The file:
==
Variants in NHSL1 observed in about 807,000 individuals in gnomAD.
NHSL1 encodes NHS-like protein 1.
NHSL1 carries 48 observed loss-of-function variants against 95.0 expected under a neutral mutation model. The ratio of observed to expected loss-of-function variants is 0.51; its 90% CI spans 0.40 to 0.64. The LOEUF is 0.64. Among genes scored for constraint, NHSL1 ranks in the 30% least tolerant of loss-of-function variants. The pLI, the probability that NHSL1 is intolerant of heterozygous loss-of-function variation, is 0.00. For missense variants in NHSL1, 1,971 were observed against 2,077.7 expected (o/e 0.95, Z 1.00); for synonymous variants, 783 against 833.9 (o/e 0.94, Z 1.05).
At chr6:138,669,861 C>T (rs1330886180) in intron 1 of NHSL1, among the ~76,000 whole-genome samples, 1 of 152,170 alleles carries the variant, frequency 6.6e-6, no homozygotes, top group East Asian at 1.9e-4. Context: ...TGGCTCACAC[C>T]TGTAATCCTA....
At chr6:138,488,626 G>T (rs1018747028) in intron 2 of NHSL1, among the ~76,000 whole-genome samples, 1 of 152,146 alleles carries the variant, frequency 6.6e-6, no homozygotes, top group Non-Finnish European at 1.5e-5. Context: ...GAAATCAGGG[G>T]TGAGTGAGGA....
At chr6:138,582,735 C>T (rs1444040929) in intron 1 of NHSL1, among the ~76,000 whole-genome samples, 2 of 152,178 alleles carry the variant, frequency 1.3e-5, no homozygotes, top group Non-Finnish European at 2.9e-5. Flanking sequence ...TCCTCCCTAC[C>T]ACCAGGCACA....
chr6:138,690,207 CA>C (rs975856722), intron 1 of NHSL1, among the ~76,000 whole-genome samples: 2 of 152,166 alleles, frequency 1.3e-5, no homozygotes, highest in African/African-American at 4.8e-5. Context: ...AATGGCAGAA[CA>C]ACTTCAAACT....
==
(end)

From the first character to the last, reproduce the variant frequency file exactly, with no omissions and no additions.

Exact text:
Variants in NHSL1 observed in about 807,000 individuals in gnomAD.
NHSL1 encodes NHS-like protein 1.
NHSL1 carries 48 observed loss-of-function variants against 95.0 expected under a neutral mutation model. The ratio of observed to expected loss-of-function variants is 0.51; its 90% CI spans 0.40 to 0.64. The LOEUF is 0.64. Among genes scored for constraint, NHSL1 ranks in the 30% least tolerant of loss-of-function variants. The pLI, the probability that NHSL1 is intolerant of heterozygous loss-of-function variation, is 0.00. For missense variants in NHSL1, 1,971 were observed against 2,077.7 expected (o/e 0.95, Z 1.00); for synonymous variants, 783 against 833.9 (o/e 0.94, Z 1.05).
At chr6:138,669,861 C>T (rs1330886180) in intron 1 of NHSL1, among the ~76,000 whole-genome samples, 1 of 152,170 alleles carries the variant, frequency 6.6e-6, no homozygotes, top group East Asian at 1.9e-4. Context: ...TGGCTCACAC[C>T]TGTAATCCTA....
At chr6:138,488,626 G>T (rs1018747028) in intron 2 of NHSL1, among the ~76,000 whole-genome samples, 1 of 152,146 alleles carries the variant, frequency 6.6e-6, no homozygotes, top group Non-Finnish European at 1.5e-5. Context: ...GAAATCAGGG[G>T]TGAGTGAGGA....
At chr6:138,582,735 C>T (rs1444040929) in intron 1 of NHSL1, among the ~76,000 whole-genome samples, 2 of 152,178 alleles carry the variant, frequency 1.3e-5, no homozygotes, top group Non-Finnish European at 2.9e-5. Flanking sequence ...TCCTCCCTAC[C>T]ACCAGGCACA....
chr6:138,690,207 CA>C (rs975856722), intron 1 of NHSL1, among the ~76,000 whole-genome samples: 2 of 152,166 alleles, frequency 1.3e-5, no homozygotes, highest in African/African-American at 4.8e-5. Context: ...AATGGCAGAA[CA>C]ACTTCAAACT....